National Federation of the Blind Jernigan Institute Research Collaboration: Sunu Band

By Amy Mason

The National Federation of the Blind Jernigan Institute leads the quest to understand the real problems of blindness and to develop innovative education, technologies, products, and services that help the world's blind to achieve greater independence. Many technology developers have the best intensions when designing that great next product for the blind. Unfortunately they do not include blind people in the process. We strongly encourage developers of innovative nonvisual access technologies to work with us during the design and development phase. By leveraging the expertise and the life experience of the independent blind with the engineering expertise of these developers of next generation technologies, the result is an innovative, more useful product for the blind.  

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National Federation of the Blind Indoor Navigation Challenge

The National Federation of the Blind Jernigan Institute is the premier research and training institute that applies the collective knowledge and life experience of the blind to the development of innovative solutions to the barriers faced by blind people. We are designing the National Federation of the Blind Indoor Navigation Challenge to combine our expertise and experience with that of other technology and research professionals to partner in the development of universally designed access tools and strategies that enhance independent travel for the blind. Blind people effectively use tools and strategies like white canes, guide dogs, mental mapping, echolocation, and problem-solving skills to acquire and use environmental information to travel safely and independently outdoors and indoors.

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Braille Literacy through Technology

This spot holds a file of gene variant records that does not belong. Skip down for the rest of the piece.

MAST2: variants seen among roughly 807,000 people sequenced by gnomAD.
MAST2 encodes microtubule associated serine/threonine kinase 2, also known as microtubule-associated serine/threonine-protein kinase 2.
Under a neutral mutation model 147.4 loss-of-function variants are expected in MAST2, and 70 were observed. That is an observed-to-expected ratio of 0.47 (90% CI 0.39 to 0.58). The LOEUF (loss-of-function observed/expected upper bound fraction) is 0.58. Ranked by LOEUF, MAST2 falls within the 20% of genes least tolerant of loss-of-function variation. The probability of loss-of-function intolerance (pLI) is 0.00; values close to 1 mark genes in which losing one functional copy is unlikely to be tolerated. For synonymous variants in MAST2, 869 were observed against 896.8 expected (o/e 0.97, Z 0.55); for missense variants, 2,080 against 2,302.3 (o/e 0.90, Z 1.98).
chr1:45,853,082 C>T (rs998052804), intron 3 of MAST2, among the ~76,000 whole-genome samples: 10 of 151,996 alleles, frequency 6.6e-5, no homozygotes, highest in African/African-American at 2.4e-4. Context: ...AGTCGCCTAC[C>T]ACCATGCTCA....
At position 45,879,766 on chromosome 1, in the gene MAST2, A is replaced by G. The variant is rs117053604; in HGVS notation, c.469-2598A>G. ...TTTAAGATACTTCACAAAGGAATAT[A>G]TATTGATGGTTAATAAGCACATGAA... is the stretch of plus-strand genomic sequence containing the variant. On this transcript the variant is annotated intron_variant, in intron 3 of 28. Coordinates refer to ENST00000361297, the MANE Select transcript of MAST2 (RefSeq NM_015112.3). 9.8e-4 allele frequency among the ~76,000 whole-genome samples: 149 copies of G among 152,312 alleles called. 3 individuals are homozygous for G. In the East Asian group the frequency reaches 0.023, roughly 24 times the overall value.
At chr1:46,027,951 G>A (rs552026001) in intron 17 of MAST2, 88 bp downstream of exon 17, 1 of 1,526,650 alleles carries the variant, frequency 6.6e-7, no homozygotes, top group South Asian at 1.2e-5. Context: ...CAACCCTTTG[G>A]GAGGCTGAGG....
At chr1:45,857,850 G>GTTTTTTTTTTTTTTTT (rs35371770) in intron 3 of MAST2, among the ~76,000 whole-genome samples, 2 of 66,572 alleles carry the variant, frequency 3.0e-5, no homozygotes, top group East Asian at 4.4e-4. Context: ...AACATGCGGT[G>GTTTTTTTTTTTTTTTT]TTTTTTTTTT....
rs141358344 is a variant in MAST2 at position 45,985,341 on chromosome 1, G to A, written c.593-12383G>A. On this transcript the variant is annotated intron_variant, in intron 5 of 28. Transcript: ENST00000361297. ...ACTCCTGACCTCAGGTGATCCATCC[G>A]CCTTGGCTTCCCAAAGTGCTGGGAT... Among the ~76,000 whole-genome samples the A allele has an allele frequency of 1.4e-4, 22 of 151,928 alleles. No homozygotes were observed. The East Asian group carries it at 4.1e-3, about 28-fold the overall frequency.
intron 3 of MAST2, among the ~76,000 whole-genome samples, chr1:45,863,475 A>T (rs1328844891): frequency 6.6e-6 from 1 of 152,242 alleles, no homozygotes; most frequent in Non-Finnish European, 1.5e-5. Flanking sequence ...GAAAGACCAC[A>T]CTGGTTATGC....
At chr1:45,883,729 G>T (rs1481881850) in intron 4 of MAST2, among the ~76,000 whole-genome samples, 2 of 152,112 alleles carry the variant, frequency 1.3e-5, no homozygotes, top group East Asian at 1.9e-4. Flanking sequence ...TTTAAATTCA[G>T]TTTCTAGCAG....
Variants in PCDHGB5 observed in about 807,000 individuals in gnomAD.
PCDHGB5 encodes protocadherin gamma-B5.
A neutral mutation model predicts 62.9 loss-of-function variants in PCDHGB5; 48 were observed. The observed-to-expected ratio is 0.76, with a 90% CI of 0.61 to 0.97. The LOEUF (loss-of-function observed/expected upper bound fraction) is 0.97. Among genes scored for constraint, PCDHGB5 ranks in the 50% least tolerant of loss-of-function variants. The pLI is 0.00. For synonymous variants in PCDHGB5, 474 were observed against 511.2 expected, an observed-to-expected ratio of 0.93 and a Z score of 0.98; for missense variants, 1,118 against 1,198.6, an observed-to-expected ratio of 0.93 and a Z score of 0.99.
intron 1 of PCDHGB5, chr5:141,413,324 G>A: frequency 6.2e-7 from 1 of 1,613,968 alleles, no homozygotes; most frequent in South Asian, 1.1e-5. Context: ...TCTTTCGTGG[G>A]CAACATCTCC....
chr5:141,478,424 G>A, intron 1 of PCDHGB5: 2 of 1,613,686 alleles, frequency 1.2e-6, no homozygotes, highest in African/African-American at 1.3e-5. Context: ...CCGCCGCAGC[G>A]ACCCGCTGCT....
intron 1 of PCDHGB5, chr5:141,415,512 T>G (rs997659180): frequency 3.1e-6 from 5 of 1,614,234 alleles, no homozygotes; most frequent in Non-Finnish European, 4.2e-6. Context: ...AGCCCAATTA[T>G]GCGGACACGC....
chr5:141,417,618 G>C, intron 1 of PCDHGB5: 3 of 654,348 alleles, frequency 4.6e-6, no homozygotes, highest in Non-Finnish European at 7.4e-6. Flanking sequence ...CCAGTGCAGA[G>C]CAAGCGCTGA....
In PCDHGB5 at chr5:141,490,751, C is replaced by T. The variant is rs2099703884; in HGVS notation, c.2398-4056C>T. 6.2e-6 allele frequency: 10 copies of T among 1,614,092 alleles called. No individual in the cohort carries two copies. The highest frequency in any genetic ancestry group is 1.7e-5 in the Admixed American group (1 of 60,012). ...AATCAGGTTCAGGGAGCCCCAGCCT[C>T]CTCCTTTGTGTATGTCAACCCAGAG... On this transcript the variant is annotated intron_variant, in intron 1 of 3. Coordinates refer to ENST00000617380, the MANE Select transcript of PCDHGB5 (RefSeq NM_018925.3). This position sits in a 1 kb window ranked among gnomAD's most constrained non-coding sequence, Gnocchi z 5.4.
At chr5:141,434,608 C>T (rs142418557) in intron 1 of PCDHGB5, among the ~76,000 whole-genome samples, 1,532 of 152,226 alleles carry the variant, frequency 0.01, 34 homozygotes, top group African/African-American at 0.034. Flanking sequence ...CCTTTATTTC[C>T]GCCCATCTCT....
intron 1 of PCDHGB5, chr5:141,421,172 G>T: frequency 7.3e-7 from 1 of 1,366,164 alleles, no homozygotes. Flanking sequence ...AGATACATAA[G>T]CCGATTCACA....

By Jeremy Capati

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Apple Watch Review - Part Two

By Karl Belanger

Following Amy’s time with the Apple Watch, I put it through its paces. Overall, for an initial release product, it does what it does very well. Before I get into my thoughts, here are some further words from Amy on her second experience with the watch.

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Apple Watch Review – Your Mileage May Vary Edition

by Amy Mason

The biggest news in the Access Technology community of late has been the Apple Watch. Everyone has had their say.  People have complained about the availability of the devices, crowed about their watch shipping, reviewed, tweeted and blogged. With all the hype surrounding the device,  it only seemed reasonable that the Access Technology team should give it a spin, and give you, our loyal readers, our opinions so that all three of you who haven’t already made up your mind about whether or not you need one, can make that decision with the benefit of our experience.  

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Global Accessibility Awareness Day Post Four: … But We Just Got Started

Sadly, all good things must come to an end, and as Global Accessibility Awareness Day draws to a close, we will leave you, with our:

Design Considerations

Document accessibility involves a number of different factors. Choices made to improve the visual appearance of a project may hinder or enhance readability for all users. Furthermore, access to documents encompasses word choice and sentence structure. Finally, it comes down to checking your work to ensure that the document you have created is meeting the needs it was created to fulfill. The below guidelines are a sample of the types of things that should be considered when creating a document, that were not covered in other sections of this article.

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Global Accessibility Awareness Day Post Three: Describe It Well to Help Your Users Get the Picture

Blind users are reliant on textual description of most electronic content. Whether they are using a Braille display or a speech synthesizer, the content they review from documents and websites comes in the form of text.  As we all know, the web and many documents are built with a great amount of graphical material.  With the following tips, however, you can ensure that your content can be enjoyed by blind visitors as well.  

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Global Accessibility Awareness Day Post Two: Accessibility is a Matter of Style

Without some simple but thoughtful styling, your document is little more than a disorganized mess of text.  The careful application of headings, paragraphs, tables, and lists provides your document with much needed structure, so that it can be easily reviewed and understood.  .
 

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